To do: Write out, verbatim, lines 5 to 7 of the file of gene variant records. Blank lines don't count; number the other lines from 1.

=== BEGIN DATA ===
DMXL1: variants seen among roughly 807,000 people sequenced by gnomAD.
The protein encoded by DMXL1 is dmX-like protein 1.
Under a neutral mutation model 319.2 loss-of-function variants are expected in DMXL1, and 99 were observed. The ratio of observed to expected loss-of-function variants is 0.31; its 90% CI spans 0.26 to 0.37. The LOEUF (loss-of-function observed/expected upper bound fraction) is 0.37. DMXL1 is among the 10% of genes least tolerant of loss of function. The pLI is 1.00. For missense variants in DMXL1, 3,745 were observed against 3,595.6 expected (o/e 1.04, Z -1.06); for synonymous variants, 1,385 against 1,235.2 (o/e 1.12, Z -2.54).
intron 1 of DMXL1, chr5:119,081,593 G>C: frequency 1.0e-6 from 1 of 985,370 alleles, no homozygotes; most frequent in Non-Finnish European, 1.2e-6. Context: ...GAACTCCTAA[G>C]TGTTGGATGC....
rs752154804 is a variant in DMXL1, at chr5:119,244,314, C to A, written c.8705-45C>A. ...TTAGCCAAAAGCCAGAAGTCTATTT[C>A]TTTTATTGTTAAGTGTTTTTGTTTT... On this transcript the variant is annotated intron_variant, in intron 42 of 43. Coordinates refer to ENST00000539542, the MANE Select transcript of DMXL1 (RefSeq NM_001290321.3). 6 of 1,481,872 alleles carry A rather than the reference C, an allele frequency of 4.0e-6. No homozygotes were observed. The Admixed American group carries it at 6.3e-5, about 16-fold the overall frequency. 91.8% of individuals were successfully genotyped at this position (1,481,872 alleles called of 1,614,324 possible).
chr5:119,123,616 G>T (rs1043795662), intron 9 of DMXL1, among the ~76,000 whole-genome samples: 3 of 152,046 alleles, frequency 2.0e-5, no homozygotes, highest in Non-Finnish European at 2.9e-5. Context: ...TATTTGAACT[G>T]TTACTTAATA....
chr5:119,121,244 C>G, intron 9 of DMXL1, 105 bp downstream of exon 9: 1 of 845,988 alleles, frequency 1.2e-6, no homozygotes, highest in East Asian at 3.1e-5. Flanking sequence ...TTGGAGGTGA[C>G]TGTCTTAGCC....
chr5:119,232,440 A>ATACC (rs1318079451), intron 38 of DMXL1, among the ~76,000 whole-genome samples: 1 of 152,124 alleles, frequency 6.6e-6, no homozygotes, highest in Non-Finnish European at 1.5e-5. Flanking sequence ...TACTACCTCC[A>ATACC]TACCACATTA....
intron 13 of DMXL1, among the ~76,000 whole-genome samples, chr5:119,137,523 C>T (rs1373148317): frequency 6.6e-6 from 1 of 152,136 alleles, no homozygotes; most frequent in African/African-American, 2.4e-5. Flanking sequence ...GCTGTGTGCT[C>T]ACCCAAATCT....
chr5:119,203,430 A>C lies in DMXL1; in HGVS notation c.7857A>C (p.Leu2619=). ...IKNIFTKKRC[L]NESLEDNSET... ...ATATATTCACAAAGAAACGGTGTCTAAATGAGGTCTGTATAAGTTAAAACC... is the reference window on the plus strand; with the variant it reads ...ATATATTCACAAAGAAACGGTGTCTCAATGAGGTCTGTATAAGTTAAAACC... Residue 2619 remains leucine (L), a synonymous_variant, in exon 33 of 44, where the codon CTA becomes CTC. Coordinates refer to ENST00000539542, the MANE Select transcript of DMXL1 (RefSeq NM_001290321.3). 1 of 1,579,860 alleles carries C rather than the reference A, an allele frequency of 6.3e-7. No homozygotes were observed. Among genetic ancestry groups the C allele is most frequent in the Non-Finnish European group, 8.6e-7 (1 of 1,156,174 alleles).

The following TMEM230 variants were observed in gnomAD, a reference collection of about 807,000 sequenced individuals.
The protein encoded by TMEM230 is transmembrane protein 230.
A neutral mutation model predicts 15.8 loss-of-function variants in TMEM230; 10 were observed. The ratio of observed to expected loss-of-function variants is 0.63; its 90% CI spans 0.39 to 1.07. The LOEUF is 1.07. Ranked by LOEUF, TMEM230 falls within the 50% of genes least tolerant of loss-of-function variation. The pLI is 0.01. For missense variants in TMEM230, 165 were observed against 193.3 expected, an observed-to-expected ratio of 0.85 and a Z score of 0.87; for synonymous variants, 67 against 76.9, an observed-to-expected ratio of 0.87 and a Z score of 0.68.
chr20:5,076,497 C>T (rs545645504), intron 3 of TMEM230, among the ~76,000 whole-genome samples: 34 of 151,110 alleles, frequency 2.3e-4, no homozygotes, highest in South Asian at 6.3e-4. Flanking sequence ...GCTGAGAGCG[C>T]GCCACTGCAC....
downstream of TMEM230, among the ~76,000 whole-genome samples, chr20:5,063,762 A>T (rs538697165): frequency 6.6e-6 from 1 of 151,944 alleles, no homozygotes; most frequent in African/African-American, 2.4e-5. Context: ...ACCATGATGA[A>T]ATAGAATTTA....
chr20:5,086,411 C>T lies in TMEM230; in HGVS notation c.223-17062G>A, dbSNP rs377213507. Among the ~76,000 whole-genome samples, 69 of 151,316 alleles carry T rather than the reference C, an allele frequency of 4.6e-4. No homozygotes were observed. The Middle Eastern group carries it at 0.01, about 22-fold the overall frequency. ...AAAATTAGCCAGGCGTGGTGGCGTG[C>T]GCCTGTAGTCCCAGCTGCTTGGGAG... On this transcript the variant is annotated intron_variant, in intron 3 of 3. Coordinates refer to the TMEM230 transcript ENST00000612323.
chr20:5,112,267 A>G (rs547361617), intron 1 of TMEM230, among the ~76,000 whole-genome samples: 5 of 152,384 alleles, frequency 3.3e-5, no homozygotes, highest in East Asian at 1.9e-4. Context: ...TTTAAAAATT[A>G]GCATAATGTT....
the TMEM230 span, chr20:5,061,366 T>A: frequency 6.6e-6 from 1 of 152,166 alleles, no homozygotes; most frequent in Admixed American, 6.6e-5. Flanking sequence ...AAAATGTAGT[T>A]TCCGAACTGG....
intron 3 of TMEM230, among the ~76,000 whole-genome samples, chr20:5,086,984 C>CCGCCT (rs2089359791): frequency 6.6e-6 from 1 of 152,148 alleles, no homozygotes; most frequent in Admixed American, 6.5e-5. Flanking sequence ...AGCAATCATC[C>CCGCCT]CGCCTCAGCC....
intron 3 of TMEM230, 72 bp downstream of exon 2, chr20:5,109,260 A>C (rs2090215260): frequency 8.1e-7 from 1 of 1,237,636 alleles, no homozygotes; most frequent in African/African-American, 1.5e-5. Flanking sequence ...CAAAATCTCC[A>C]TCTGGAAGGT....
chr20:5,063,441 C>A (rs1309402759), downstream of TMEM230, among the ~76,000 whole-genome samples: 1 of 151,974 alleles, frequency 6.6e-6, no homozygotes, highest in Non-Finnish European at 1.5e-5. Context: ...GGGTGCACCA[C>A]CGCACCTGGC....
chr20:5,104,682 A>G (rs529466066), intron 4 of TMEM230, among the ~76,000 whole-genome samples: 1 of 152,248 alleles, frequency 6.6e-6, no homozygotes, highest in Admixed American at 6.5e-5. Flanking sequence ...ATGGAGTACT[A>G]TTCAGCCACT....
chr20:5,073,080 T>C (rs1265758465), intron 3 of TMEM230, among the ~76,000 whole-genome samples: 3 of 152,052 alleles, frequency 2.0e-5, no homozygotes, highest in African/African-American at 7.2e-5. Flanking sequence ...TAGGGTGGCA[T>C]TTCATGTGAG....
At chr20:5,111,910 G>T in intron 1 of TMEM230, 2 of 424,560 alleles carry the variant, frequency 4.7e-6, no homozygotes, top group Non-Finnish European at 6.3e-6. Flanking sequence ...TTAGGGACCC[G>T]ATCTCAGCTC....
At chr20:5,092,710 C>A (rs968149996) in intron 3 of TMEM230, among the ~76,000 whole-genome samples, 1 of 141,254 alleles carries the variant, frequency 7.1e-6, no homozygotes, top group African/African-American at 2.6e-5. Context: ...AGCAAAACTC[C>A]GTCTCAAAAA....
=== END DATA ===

rs752154804 is a variant in DMXL1, at chr5:119,244,314, C to A, written c.8705-45C>A. ...TTAGCCAAAAGCCAGAAGTCTATTT[C>A]TTTTATTGTTAAGTGTTTTTGTTTT... On this transcript the variant is annotated intron_variant, in intron 42 of 43. Coordinates refer to ENST00000539542, the MANE Select transcript of DMXL1 (RefSeq NM_001290321.3). 6 of 1,481,872 alleles carry A rather than the reference C, an allele frequency of 4.0e-6. No homozygotes were observed. The Admixed American group carries it at 6.3e-5, about 16-fold the overall frequency. 91.8% of individuals were successfully genotyped at this position (1,481,872 alleles called of 1,614,324 possible).
chr5:119,123,616 G>T (rs1043795662), intron 9 of DMXL1, among the ~76,000 whole-genome samples: 3 of 152,046 alleles, frequency 2.0e-5, no homozygotes, highest in Non-Finnish European at 2.9e-5. Context: ...TATTTGAACT[G>T]TTACTTAATA....
chr5:119,121,244 C>G, intron 9 of DMXL1, 105 bp downstream of exon 9: 1 of 845,988 alleles, frequency 1.2e-6, no homozygotes, highest in East Asian at 3.1e-5. Flanking sequence ...TTGGAGGTGA[C>G]TGTCTTAGCC....